• Don’t add salt to foods.
  • Request no salt on meals ordered in restaurants.
  • Eliminate high sodium prepared foods.
  • Start reading nutritional labeling on foods.

Stop Adding Salt

Visit any fast food restaurant and watch them prepare French fries. The fries are removed from the fryer and placed in a large bin with a rounded bottom (for efficiently scooping the fries). A large salt container is used to pour an unmeasured but large quantity of salt on the fries. When more fries are added, more salt is added. The fry container is not cleaned in between. While the container has holes to allow excess grease and salt to leave, the grease coating the container surface makes for an excellent bond for the salt to remain. As the day continues, the salt content increases. If this isn’t bad enough, many people upon receiving their food reach for the salt and ketchup packets adding another 270 and 110 mg of sodium respectively.

 By not adding the salt packet and ketchup packet, nearly 400 mg of salt can be eliminated. That represents nearly 17% of the recommended daily allowance.

Order Meals be Prepared without Salt

As mentioned above, fast food restaurants are notorious for adding salt during the food preparation process. When ordering fries, simply ask for fries with no salt. Most fast food restaurants will make a special order without adding salt. The diner must be prepared to wait for this special preparation, however.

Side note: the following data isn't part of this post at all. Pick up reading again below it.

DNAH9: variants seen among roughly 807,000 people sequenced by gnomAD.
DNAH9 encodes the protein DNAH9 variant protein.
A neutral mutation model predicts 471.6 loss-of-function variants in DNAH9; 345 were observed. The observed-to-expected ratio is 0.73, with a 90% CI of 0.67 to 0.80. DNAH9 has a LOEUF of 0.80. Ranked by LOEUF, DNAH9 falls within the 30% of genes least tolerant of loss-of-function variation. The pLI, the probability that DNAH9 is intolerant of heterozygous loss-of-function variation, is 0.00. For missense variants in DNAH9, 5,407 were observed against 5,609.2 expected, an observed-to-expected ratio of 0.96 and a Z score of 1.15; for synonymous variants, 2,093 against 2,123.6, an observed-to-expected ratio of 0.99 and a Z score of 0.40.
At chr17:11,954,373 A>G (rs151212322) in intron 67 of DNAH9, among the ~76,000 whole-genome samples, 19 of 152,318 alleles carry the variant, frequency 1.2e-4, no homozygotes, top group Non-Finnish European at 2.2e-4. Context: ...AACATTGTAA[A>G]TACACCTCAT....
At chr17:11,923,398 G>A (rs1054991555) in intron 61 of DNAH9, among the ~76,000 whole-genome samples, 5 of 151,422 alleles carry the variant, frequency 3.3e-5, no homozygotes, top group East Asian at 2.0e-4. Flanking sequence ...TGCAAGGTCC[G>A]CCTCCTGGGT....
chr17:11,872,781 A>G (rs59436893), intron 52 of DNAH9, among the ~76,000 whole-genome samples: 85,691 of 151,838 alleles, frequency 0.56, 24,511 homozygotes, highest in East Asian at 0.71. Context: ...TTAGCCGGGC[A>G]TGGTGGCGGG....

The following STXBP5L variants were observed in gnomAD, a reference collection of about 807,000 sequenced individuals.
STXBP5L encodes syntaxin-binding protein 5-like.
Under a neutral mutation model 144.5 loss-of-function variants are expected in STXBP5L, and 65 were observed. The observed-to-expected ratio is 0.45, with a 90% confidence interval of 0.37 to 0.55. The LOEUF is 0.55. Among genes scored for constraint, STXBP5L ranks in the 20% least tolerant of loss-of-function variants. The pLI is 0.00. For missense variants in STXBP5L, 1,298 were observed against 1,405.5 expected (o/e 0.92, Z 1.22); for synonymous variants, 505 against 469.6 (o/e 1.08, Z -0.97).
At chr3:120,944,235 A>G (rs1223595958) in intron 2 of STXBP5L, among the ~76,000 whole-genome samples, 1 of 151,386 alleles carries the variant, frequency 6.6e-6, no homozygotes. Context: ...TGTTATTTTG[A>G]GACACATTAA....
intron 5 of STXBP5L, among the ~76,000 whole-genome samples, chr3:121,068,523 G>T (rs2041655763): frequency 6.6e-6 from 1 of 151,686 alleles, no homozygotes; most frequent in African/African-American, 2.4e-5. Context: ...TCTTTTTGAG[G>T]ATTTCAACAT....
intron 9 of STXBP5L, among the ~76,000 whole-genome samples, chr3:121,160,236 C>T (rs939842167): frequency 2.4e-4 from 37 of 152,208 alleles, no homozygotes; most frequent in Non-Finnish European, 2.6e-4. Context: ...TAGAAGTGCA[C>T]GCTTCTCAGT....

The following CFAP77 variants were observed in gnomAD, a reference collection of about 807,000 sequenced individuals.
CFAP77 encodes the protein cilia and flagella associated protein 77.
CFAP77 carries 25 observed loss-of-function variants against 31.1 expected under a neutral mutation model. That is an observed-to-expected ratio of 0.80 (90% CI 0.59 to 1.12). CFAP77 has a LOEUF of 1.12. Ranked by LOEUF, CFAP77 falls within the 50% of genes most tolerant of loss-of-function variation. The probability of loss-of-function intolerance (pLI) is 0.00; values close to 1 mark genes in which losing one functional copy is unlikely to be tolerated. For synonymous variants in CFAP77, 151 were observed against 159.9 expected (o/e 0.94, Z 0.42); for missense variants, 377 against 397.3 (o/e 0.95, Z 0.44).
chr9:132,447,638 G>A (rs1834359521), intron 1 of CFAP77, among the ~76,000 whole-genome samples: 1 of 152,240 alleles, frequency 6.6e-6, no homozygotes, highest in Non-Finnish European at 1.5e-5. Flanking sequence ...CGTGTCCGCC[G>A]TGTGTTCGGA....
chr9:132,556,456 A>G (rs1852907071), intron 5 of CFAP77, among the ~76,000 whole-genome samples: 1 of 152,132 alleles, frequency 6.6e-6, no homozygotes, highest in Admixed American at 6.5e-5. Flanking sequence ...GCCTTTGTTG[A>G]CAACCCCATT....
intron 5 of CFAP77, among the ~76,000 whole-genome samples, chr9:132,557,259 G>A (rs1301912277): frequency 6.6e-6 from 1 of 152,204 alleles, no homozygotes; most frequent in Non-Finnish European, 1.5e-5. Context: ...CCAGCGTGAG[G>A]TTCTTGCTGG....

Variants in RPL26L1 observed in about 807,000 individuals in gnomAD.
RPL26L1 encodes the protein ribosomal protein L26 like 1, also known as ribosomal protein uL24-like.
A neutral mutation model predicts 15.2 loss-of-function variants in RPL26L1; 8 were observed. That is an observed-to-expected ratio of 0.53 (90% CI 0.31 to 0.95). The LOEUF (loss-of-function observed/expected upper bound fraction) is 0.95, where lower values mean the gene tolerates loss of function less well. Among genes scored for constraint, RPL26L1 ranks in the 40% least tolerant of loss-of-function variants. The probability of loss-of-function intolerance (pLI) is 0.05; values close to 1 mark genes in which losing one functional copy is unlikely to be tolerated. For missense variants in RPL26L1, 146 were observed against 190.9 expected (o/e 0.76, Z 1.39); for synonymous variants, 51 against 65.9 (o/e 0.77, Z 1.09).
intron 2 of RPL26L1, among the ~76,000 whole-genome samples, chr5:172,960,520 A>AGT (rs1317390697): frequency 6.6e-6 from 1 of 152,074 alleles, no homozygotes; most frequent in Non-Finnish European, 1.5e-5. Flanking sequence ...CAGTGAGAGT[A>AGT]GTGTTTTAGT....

If fast food restaurants are willing to prepare foods without adding salt, so are full service restaurants. Diners sometimes feel embarrassed requesting no salt be added. Restaurants get special orders all the time. The diner has the right to request food prepared the way he likes it.

If more flavor is desired, experiment with other spices. It might be as simple as adding pepper instead of salt. Or perhaps an herb such as oregano or celery. Be careful with these substitutes as some may be packaged with high sodium content. Be especially careful of prepared sauces like ketchup, barbecue sauce and salad dressing.

Eliminate High Sodium Prepared Foods